The Love Hormone's Dark Side

With Valentine's Day just around the corner, love is in the air. Or is it oxytocin? Research suggests that the so-called "love hormone" isn't all roses and heart-shaped chocolates.

Oxytocin is marketed as an all-purpose "love drug" year-round. Online, sellers shill a product called "liquid trust" that purports to contain oxytocin and promises to create an "environment within which you are more attractive to people you previously had no luck with." In San Antonio, Texas, at least one doctor prescribes dissolvable oxytocin strips for husbands and wives going through rough patches, according to a Feb. 10 news report by local news station KENS5. Even cultural and political commentators have touted oxytocin's effects, arguing that the hormone makes no-strings-attached sex impossible, especially for women.

Personal Growth

The life choices that had led me to be sitting in a booth underneath a banner that read “Ask a Philosopher" – at the entrance to the New York City subway at 57th and 8th – were perhaps random but inevitable.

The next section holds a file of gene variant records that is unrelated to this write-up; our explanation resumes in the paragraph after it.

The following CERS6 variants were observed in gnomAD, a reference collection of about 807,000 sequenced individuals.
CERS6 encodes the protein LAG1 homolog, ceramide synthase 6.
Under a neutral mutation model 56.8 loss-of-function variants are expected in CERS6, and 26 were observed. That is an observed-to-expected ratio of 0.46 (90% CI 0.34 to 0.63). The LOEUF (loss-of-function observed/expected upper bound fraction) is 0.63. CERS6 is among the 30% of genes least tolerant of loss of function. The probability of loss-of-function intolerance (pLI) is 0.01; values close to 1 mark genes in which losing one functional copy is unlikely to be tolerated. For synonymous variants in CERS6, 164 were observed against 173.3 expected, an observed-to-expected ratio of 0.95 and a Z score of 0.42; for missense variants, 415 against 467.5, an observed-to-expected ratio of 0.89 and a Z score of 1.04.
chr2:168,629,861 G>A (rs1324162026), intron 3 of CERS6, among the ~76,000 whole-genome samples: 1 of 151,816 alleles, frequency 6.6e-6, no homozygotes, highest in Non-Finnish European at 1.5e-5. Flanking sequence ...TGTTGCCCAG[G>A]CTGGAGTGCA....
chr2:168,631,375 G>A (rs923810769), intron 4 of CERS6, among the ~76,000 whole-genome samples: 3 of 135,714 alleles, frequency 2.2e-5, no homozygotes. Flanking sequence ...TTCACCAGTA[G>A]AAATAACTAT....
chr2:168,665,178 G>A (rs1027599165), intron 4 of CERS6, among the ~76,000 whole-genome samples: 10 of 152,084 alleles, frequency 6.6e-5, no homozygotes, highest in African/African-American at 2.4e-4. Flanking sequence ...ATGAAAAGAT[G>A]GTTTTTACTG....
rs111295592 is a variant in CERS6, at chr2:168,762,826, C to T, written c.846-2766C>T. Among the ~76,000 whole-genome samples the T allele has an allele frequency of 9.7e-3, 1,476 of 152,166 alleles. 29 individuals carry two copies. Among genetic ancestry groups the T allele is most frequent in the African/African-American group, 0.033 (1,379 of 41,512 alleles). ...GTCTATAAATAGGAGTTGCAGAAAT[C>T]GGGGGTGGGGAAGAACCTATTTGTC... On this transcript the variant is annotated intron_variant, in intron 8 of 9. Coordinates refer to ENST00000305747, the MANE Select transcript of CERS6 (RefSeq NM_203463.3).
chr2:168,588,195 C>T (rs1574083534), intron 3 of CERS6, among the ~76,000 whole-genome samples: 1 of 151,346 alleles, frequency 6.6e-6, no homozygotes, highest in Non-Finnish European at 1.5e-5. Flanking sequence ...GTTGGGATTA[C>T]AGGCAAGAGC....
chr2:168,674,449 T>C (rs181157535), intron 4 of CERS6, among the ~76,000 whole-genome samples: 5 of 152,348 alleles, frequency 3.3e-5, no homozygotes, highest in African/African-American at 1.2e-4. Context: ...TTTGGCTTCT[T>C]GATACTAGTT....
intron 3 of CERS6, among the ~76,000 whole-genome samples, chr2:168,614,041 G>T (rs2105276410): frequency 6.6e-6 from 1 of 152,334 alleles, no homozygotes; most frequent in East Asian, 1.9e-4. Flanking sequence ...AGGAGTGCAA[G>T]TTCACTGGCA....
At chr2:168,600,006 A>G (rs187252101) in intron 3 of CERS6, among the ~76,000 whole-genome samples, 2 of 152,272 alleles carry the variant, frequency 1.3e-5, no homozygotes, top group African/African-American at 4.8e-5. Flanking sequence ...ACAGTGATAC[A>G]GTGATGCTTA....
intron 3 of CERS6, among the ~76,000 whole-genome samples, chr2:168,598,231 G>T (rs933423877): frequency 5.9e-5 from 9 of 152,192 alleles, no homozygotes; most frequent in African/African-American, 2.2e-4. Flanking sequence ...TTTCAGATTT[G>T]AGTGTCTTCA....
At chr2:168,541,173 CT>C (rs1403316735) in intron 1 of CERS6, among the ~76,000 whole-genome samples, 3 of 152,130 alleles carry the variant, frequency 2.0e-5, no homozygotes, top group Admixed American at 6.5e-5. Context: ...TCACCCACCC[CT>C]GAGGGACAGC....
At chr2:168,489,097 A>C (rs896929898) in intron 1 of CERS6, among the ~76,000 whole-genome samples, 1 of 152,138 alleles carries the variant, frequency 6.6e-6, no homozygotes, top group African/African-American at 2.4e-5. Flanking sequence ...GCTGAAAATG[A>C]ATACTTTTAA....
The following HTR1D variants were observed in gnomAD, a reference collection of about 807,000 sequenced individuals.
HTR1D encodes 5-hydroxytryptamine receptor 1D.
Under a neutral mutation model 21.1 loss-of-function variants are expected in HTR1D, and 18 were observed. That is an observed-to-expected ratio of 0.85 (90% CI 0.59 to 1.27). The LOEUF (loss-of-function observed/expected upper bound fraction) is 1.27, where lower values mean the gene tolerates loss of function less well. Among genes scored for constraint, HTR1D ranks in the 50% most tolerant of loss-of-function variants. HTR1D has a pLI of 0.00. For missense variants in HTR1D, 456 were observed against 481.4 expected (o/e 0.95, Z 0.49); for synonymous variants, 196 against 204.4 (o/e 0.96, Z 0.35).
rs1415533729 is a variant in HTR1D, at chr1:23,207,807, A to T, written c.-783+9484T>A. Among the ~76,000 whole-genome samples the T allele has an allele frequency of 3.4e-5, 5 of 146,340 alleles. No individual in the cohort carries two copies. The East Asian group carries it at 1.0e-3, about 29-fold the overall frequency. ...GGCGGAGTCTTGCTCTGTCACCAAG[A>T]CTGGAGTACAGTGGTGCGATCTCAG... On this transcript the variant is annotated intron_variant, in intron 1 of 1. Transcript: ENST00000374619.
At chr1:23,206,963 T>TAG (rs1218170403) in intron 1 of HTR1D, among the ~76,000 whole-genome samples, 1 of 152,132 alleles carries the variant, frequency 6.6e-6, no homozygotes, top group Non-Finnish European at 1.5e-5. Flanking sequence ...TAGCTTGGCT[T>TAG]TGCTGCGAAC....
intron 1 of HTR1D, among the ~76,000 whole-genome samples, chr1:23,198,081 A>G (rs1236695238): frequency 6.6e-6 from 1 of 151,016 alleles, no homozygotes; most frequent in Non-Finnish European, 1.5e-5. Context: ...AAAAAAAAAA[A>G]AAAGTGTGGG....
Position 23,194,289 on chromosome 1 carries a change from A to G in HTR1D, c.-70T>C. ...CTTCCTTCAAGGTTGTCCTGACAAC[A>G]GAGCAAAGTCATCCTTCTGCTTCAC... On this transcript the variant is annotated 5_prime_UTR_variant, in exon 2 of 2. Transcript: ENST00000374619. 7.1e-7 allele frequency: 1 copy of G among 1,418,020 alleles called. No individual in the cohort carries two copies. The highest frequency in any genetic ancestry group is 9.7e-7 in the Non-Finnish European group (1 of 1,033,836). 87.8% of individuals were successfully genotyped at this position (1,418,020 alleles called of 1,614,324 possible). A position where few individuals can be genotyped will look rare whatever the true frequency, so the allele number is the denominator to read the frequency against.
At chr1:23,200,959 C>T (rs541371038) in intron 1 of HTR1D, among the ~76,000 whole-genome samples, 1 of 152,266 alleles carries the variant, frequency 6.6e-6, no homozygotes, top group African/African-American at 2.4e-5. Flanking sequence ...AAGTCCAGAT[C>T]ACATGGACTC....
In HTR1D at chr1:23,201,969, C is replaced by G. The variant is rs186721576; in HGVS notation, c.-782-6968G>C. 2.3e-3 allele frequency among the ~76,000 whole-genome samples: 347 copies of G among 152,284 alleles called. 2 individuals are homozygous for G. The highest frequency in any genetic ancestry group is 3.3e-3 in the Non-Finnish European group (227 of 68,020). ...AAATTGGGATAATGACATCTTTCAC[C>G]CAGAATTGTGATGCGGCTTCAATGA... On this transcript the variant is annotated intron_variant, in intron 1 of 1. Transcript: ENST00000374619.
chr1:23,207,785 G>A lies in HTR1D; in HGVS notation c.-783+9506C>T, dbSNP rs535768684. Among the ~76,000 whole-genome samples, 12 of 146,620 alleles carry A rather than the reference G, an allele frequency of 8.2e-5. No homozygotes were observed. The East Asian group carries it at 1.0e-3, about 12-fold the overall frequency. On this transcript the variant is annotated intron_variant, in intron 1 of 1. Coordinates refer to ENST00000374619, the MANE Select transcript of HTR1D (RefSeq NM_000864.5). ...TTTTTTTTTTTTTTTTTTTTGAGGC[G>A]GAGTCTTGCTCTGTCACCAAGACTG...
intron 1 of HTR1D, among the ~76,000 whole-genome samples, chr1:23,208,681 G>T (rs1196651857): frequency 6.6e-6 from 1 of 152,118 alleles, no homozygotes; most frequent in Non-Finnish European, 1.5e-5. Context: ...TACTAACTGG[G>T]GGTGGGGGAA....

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For thousands of years, humans slept in two shifts. Should we do it again?

Researchers believe that the practice of sleeping through the whole night didn’t really take hold until just a few hundred years ago.

The Bed by Henri de Toulouse-Lautrec.
Surprising Science

She was wide awake and it was nearly two in the morning. When asked if everything was alright, she said, “Yes.” Asked why she couldn’t get to sleep she said, “I don’t know.” Neuroscientist Russell Foster of Oxford might suggest she was exhibiting “a throwback to the bi-modal sleep pattern." Research suggests we used to sleep in two segments with a period of wakefulness in-between.

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'Self is not entirely lost in dementia,' argues new review

The assumption "that without memory, there can be no self" is wrong, say researchers.

Photo credit: Darren Hauck / Getty Images
Mind & Brain

In the past when scholars have reflected on the psychological impact of dementia they have frequently referred to the loss of the "self" in dramatic and devastating terms, using language such as the "unbecoming of the self" or the "disintegration" of the self. In a new review released as a preprint at PsyArXiv, an international team of psychologists led by Muireann Irish at the University of Sydney challenge this bleak picture which they attribute to the common, but mistaken, assumption "that without memory, there can be no self" (as encapsulated by the line from Hume: "Memory alone… 'tis to be considered… as the source of personal identity").

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